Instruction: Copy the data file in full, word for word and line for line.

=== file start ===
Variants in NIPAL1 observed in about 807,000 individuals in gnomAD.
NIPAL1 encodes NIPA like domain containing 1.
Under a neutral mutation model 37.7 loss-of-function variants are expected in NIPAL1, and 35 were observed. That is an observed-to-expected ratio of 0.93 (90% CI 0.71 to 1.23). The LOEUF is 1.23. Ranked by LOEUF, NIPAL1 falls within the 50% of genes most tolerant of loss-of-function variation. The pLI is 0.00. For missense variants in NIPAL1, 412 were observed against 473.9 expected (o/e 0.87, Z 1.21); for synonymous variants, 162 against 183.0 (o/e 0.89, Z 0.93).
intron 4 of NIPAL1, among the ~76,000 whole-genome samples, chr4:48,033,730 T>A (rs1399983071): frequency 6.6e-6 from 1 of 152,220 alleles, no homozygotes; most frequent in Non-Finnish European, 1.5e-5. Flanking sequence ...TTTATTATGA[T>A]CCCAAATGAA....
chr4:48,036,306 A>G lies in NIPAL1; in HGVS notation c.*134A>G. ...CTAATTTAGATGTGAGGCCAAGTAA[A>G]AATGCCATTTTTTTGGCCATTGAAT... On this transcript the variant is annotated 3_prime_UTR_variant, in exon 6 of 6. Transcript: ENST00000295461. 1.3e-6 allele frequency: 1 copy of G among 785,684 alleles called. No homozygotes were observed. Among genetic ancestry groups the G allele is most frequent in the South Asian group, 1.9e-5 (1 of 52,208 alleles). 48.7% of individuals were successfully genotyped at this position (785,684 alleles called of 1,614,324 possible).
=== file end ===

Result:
Variants in NIPAL1 observed in about 807,000 individuals in gnomAD.
NIPAL1 encodes NIPA like domain containing 1.
Under a neutral mutation model 37.7 loss-of-function variants are expected in NIPAL1, and 35 were observed. That is an observed-to-expected ratio of 0.93 (90% CI 0.71 to 1.23). The LOEUF is 1.23. Ranked by LOEUF, NIPAL1 falls within the 50% of genes most tolerant of loss-of-function variation. The pLI is 0.00. For missense variants in NIPAL1, 412 were observed against 473.9 expected (o/e 0.87, Z 1.21); for synonymous variants, 162 against 183.0 (o/e 0.89, Z 0.93).
intron 4 of NIPAL1, among the ~76,000 whole-genome samples, chr4:48,033,730 T>A (rs1399983071): frequency 6.6e-6 from 1 of 152,220 alleles, no homozygotes; most frequent in Non-Finnish European, 1.5e-5. Flanking sequence ...TTTATTATGA[T>A]CCCAAATGAA....
chr4:48,036,306 A>G lies in NIPAL1; in HGVS notation c.*134A>G. ...CTAATTTAGATGTGAGGCCAAGTAA[A>G]AATGCCATTTTTTTGGCCATTGAAT... On this transcript the variant is annotated 3_prime_UTR_variant, in exon 6 of 6. Transcript: ENST00000295461. 1.3e-6 allele frequency: 1 copy of G among 785,684 alleles called. No homozygotes were observed. Among genetic ancestry groups the G allele is most frequent in the South Asian group, 1.9e-5 (1 of 52,208 alleles). 48.7% of individuals were successfully genotyped at this position (785,684 alleles called of 1,614,324 possible).